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Introvert Leaders #5: The People Side
Addressing the traits of introversion in a leadership role
In the end, the main factor that makes introverts reluctant to step into greater leadership roles—having to deal with all of those people, like, ALL THE TIME.
They talk to you. They ask you to do stuff. They send hard-to-read nonverbal signals. Seriously, what was that eye thing? Did they mean that sarcastically? Are they being friendly, or flirting, or trying to manipulate me?
People create drama and chaos and touch our stuff. Just thinking about them makes me consider moving to a remote part of northern Canada, but then I think about how hard it would be to get good wifi and I put that plan aside for now.
If introverts step into leadership roles, they may need to build up their tolerance for the people-intensive portions of the role. But to keep from being burned-out and overwhelmed, they still need to recognize that they are, at heart, introverts. Introverts need calm, structure, and time to focus, and they need time away from people to recharge. So, rather than having a full-time “open-door” policy, consider having set, daily “office hours” times in which people can come to you to discuss non-time-critical issues (you still need to be available for emergencies).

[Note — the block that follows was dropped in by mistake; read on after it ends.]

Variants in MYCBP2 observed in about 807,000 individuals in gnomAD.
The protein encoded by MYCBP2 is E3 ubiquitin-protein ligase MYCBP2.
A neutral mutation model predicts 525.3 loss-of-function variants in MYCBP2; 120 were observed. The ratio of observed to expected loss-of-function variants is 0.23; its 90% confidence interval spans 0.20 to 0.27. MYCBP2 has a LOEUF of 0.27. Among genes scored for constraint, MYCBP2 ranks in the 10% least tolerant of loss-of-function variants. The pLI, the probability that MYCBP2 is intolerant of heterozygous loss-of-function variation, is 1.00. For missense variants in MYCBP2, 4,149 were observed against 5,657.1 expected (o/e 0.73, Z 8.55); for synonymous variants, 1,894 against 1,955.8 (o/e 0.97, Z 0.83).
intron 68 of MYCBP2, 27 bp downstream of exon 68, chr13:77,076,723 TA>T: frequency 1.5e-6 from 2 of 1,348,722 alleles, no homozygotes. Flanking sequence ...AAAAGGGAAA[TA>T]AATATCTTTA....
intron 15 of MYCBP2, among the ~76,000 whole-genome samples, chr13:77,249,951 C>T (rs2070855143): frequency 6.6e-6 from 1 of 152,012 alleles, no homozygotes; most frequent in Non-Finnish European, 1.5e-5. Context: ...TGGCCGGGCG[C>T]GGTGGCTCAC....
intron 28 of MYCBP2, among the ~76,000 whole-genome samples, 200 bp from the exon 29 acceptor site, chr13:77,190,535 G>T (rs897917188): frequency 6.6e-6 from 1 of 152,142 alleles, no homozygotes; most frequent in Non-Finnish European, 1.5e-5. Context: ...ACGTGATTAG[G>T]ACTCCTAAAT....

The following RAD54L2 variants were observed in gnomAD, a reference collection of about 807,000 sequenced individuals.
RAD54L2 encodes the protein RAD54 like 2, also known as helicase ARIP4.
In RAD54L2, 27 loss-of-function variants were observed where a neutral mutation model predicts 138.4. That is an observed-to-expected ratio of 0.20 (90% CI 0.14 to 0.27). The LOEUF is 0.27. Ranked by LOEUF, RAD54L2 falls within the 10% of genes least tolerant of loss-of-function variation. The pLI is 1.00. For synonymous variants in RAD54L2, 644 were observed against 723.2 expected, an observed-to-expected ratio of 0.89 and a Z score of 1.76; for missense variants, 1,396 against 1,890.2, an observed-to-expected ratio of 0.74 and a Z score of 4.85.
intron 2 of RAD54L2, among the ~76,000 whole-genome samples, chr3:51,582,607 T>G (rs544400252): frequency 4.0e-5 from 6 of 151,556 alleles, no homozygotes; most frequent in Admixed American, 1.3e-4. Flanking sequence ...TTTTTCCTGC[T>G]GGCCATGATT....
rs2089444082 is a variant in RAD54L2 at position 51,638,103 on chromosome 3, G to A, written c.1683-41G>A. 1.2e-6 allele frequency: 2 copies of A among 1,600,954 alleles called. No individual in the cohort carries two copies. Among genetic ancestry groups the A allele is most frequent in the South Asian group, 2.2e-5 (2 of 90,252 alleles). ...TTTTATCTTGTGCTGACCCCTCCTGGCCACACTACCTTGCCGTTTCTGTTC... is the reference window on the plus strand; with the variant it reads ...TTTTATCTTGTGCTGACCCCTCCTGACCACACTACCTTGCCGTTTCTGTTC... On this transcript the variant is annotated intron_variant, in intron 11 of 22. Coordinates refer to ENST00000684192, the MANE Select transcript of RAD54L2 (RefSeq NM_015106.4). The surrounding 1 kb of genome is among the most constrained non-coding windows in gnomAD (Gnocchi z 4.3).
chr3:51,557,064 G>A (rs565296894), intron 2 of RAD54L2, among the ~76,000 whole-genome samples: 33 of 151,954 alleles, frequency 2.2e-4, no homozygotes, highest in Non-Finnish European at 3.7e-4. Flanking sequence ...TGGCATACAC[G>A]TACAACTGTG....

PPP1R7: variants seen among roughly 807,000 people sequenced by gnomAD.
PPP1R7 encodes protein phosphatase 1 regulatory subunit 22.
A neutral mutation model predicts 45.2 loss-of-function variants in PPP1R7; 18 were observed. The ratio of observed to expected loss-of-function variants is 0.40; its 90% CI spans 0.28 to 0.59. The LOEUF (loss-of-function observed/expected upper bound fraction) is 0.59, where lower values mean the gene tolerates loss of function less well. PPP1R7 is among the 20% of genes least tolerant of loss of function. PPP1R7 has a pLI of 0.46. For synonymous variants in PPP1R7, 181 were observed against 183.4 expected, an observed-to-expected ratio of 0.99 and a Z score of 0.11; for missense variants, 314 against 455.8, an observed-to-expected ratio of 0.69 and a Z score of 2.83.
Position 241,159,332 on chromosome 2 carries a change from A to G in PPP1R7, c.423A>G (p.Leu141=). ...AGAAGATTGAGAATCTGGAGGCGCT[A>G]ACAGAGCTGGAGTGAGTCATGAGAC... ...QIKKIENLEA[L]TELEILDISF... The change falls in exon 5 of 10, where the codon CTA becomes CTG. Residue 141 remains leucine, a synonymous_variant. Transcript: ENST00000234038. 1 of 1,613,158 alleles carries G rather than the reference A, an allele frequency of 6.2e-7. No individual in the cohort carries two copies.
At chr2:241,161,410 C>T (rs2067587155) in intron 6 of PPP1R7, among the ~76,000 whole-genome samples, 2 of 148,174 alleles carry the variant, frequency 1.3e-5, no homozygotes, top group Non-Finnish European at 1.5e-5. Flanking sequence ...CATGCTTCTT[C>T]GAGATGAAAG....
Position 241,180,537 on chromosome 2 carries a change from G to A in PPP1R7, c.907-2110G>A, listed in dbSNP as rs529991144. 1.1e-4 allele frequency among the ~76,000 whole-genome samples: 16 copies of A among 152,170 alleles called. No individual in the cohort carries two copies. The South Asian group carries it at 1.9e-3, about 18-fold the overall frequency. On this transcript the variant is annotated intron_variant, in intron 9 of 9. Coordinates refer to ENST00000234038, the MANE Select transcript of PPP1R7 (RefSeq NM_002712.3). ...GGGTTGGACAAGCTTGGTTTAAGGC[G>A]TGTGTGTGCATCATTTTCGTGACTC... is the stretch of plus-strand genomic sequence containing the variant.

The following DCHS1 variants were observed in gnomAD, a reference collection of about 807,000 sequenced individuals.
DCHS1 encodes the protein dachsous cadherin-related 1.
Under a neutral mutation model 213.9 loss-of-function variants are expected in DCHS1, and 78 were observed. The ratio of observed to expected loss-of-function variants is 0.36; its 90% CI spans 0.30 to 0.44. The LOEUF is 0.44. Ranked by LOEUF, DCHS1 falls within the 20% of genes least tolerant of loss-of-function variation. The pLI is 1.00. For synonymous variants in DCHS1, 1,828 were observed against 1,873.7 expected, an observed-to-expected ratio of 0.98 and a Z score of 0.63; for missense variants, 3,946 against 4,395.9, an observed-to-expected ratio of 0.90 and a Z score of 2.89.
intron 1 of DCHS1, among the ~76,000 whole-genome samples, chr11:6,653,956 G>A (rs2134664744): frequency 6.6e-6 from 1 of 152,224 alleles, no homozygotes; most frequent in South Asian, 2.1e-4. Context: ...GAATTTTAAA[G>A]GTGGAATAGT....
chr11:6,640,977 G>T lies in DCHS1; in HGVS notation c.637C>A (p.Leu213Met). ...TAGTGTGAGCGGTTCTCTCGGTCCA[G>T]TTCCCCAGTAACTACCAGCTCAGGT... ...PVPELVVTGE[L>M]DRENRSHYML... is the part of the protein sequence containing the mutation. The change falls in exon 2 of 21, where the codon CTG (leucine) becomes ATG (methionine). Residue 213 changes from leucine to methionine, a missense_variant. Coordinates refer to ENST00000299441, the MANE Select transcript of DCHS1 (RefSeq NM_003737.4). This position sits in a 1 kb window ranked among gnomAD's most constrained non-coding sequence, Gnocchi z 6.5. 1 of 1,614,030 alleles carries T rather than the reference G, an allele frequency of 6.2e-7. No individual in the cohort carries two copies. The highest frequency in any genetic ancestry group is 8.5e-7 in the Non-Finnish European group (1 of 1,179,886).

Let your people know that you are blocking off a couple of hours for “please do not disturb unless the building is on fire” work time, but they can come talk to you at these other, posted-on-my-office-door-and-in-our-shared-work-calendar times each day.
And let them know WHY. “I need a set time to focus on getting work done, and repeated interruptions make me less productive.” Encourage your people to also schedule their own work-blocks, if they find they have the same need to focus without interruptions. Keep these blocks short (usually 2 hours max), so that you don’t make yourself inaccessible, and consider walking a loop around the office at the end of the time, so people can flag you down to ask questions or get your input.